Learn About Stock Markets.

stock exchange is an entity that provides services for stock brokers and traders to trade stocks, bonds, and other securities. Stock exchanges also provide facilities for issue and redemption of securities and other financial instruments, and capital events including the payment of income and dividends. Securities traded on a stock exchange include shares issued by companies, unit trusts, derivatives, pooled investment products and bonds.

To be able to trade a security on a certain stock exchange, it must be listed there. Usually, there is a central location at least for record keeping, but trade is increasingly less linked to such a physical place, as modern markets are electronic networks, which gives them advantages of increased speed and reduced cost of transactions. Trade on an exchange is by members only.

The initial offering of stocks and bonds to investors is by definition done in the primary market and subsequent trading is done in the secondary market. A stock exchange is often the most important component of a stock market. Supply and demand in stock markets is driven by various factors that, as in all free markets, affect the price of stocks.

There is usually no compulsion to issue stock via the stock exchange itself, nor must stock be subsequently traded on the exchange. Such trading is said to be off exchange or over-the-counter. This is the usual way that derivatives and bonds are traded. Increasingly, stock exchanges are part of a global market for securities.

Primary market facilitates government as well corporates in raising capital to meet their requirements of capital expenditure and/or discharge of other obligation such as exit opportunity for venture capitalist/ PE firm. The most common primary mechanism for raising capital is an Initial Public Offer (IPO), under which shares are offered to common public as a precursor to the trading in secondary market of an exchange. The price at which the shares will be issued is decided with the help of book building mechanism and in case of oversubscription the shares are allotted on a pro-rata basis. When securities are exclusively offered to the existing shareholders of company, as opposed to the general public it is called ‘Rights Issue’. Another mechanism whereby a listed company can issue equity shares, fully and partly convertible debentures which can be converted into equity shares later on, to a Qualified Institutional Buyer (QIB) is termed as Qualified Institutional Placement. Apart from raising capital in domestic market, companies can also issue securities in international market through ADR/GDR/ECB route and raise capital.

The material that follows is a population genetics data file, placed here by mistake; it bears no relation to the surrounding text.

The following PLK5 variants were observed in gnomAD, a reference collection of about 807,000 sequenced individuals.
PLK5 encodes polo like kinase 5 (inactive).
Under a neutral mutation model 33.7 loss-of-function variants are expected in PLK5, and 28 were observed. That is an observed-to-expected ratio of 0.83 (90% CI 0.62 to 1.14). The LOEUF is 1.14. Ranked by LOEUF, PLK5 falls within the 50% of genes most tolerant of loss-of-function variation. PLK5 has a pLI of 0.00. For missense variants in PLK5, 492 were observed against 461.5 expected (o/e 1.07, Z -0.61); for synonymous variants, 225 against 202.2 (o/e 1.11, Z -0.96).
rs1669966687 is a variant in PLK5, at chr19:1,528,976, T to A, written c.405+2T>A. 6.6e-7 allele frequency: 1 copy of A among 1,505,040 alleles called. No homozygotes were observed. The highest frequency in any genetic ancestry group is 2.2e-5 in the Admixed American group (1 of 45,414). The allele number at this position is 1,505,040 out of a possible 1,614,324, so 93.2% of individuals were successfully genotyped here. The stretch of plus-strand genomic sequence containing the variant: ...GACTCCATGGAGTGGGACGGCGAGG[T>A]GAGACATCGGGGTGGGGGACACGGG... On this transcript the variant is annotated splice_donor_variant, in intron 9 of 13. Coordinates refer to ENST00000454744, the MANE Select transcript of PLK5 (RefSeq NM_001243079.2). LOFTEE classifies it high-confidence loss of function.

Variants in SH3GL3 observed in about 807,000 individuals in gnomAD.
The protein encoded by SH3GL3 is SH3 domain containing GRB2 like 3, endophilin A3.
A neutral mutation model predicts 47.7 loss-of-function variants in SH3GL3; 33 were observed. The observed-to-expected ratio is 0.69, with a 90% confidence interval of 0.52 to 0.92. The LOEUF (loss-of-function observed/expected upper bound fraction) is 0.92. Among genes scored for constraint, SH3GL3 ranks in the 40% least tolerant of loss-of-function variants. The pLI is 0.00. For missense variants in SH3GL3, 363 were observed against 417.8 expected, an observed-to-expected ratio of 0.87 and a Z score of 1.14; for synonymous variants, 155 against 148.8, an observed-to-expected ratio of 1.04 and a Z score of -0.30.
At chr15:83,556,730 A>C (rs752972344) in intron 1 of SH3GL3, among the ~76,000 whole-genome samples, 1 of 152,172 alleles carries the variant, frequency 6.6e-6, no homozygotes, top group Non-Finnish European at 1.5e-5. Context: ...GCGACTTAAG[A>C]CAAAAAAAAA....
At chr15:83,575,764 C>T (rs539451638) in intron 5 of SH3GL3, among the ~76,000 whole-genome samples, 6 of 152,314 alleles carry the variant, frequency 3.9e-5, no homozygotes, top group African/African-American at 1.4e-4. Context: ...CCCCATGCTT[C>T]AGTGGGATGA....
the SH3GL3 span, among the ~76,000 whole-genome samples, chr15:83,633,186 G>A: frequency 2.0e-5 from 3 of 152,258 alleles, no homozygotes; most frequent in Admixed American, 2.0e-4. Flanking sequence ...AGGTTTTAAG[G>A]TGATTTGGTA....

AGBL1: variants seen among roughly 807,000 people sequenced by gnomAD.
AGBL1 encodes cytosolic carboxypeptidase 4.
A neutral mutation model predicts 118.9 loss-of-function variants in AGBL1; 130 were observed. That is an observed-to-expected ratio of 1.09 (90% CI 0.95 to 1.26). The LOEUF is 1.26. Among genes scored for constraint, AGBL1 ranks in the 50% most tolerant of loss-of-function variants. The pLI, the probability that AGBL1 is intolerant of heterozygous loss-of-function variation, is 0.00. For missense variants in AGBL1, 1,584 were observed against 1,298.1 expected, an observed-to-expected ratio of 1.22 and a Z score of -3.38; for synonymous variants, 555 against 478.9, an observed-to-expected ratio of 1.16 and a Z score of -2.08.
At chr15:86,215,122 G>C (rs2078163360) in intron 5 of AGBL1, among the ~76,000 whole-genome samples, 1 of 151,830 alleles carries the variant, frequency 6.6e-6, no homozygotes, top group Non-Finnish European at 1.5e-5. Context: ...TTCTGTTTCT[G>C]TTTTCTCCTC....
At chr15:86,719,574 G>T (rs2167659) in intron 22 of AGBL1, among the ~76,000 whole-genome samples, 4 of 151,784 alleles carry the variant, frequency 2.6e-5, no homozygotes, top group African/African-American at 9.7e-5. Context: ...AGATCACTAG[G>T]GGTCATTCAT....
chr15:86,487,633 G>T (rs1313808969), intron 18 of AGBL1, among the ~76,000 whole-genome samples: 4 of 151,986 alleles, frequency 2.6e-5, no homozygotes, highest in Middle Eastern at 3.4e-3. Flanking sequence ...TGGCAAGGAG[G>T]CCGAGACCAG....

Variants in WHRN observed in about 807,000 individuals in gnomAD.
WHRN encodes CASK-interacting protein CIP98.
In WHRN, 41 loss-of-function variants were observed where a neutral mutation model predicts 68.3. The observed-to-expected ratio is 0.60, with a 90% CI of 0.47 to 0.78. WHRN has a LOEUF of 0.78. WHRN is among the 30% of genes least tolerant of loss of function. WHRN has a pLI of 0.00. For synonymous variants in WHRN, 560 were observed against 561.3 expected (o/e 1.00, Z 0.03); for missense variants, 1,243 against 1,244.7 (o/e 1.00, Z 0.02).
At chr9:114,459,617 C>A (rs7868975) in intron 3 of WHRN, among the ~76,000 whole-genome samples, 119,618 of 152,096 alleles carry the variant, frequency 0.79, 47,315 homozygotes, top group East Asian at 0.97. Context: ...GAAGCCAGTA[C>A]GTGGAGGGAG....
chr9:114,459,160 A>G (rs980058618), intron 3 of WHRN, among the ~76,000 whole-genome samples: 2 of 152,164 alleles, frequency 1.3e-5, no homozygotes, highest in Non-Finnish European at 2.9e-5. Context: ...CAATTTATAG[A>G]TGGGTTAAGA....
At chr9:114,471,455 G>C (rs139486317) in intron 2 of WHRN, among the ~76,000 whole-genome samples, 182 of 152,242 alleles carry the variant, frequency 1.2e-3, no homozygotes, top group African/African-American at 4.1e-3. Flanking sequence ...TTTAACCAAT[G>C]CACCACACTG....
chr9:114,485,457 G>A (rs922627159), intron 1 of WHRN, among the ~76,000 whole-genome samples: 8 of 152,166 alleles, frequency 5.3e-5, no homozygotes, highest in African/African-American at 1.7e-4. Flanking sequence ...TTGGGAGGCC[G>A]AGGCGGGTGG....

The primary market is that part of the capital markets that deals with the issuance of new securities. Companies, governments or public sector institutions can obtain funding through the sale of a new stock or bond issue. This is typically done through a syndicate of securities dealers. The process of selling new issues to investors is called underwriting. In the case of a new stock issue, this sale is an initial public offering (IPO). Dealers earn a commission that is built into the price of the security offering, though it can be found in the prospectus. Primary markets creates long term instruments through which corporate entities borrow from capital market. Features of primary markets are:

  • This is the market for new long term equity capital. The primary market is the market where the securities are sold for the first time. Therefore it is also called the new issue market (NIM).
  • In a primary issue, the securities are issued by the company directly to investors.
  • The company receives the money and issues new security certificates to the investors.
  • Primary issues are used by companies for the purpose of setting up new business or for expanding or modernizing the existing business.
  • The primary market performs the crucial function of facilitating capital formation in the economy.
  • The new issue market does not include certain other sources of new long term external finance, such as loans from financial institutions. Borrowers in the new issue market may be raising capital for converting private capital into public capital; this is known as “going public.”
  • The financial assets sold can only be redeemed by the original holder.

Methods of issuing securities in the primary market are:

  • Initial public offering;